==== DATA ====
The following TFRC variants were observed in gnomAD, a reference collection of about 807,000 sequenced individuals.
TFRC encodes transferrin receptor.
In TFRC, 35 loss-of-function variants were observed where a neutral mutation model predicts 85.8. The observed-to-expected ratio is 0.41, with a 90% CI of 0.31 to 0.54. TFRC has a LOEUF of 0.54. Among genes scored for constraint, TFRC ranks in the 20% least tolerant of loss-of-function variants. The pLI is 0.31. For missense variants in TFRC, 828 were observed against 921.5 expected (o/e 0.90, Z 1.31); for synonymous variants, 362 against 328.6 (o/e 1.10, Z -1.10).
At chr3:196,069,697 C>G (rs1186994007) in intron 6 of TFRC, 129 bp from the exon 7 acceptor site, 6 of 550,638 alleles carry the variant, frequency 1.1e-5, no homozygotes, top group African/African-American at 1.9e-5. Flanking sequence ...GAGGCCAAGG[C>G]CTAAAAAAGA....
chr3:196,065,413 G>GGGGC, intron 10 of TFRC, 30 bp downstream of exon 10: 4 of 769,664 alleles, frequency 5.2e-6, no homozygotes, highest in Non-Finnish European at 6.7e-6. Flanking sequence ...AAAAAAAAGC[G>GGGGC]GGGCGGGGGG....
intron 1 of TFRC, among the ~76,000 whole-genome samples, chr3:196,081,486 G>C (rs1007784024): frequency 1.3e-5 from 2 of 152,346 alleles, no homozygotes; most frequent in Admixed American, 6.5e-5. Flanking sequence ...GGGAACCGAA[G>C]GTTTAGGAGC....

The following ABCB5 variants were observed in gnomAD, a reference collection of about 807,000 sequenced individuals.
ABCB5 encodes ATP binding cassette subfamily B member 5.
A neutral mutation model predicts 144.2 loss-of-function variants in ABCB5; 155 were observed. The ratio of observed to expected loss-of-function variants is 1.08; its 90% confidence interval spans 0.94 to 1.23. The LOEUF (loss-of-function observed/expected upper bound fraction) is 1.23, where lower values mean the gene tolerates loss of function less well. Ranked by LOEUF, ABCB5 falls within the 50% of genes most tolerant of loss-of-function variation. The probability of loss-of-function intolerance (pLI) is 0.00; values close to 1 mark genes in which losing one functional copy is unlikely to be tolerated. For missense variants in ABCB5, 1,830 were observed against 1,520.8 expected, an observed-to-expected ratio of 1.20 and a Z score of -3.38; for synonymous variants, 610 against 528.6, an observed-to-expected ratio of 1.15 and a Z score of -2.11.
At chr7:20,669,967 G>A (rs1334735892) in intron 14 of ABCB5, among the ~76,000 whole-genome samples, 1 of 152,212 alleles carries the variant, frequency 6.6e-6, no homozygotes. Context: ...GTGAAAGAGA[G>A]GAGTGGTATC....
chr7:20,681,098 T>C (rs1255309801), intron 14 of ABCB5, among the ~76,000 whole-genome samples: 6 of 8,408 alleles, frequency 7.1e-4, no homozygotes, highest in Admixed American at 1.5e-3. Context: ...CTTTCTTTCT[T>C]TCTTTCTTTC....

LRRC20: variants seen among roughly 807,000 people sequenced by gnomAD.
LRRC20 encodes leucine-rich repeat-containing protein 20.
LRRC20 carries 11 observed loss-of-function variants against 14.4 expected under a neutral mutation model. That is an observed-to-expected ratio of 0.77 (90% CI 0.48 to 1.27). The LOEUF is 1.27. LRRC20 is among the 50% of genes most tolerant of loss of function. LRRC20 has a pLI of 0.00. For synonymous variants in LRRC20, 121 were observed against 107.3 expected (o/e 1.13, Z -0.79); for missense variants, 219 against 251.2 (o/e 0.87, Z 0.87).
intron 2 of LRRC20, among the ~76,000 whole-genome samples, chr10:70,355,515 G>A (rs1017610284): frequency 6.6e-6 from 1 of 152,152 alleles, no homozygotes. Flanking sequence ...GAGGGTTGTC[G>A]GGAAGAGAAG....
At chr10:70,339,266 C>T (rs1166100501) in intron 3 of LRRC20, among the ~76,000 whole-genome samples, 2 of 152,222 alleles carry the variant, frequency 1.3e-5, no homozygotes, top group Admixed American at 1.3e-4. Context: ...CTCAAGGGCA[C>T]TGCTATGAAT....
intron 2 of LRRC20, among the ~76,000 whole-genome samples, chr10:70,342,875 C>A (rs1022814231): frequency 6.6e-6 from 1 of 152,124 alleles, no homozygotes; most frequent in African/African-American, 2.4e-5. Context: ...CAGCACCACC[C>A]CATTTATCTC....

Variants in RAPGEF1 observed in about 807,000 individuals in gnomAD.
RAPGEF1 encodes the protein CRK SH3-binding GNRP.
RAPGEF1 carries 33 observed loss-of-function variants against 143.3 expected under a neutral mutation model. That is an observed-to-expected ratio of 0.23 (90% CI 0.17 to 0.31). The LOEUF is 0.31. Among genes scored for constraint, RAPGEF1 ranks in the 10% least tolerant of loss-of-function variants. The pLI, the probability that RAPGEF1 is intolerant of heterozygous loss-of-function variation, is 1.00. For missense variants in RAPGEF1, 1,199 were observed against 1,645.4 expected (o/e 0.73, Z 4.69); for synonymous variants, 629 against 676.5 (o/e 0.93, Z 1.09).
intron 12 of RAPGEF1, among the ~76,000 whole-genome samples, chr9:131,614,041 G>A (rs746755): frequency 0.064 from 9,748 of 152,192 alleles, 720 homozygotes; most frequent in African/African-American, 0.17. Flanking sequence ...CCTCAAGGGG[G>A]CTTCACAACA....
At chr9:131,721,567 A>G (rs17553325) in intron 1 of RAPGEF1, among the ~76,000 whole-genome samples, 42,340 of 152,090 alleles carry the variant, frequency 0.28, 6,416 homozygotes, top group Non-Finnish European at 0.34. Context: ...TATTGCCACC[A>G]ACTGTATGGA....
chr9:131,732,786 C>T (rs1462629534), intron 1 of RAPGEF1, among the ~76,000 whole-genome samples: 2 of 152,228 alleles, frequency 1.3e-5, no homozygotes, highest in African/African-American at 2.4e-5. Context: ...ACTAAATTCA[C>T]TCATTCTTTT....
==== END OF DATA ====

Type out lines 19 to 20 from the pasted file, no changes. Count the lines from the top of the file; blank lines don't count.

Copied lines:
RAPGEF1 encodes the protein CRK SH3-binding GNRP.
RAPGEF1 carries 33 observed loss-of-function variants against 143.3 expected under a neutral mutation model. That is an observed-to-expected ratio of 0.23 (90% CI 0.17 to 0.31). The LOEUF is 0.31. Among genes scored for constraint, RAPGEF1 ranks in the 10% least tolerant of loss-of-function variants. The pLI, the probability that RAPGEF1 is intolerant of heterozygous loss-of-function variation, is 1.00. For missense variants in RAPGEF1, 1,199 were observed against 1,645.4 expected (o/e 0.73, Z 4.69); for synonymous variants, 629 against 676.5 (o/e 0.93, Z 1.09).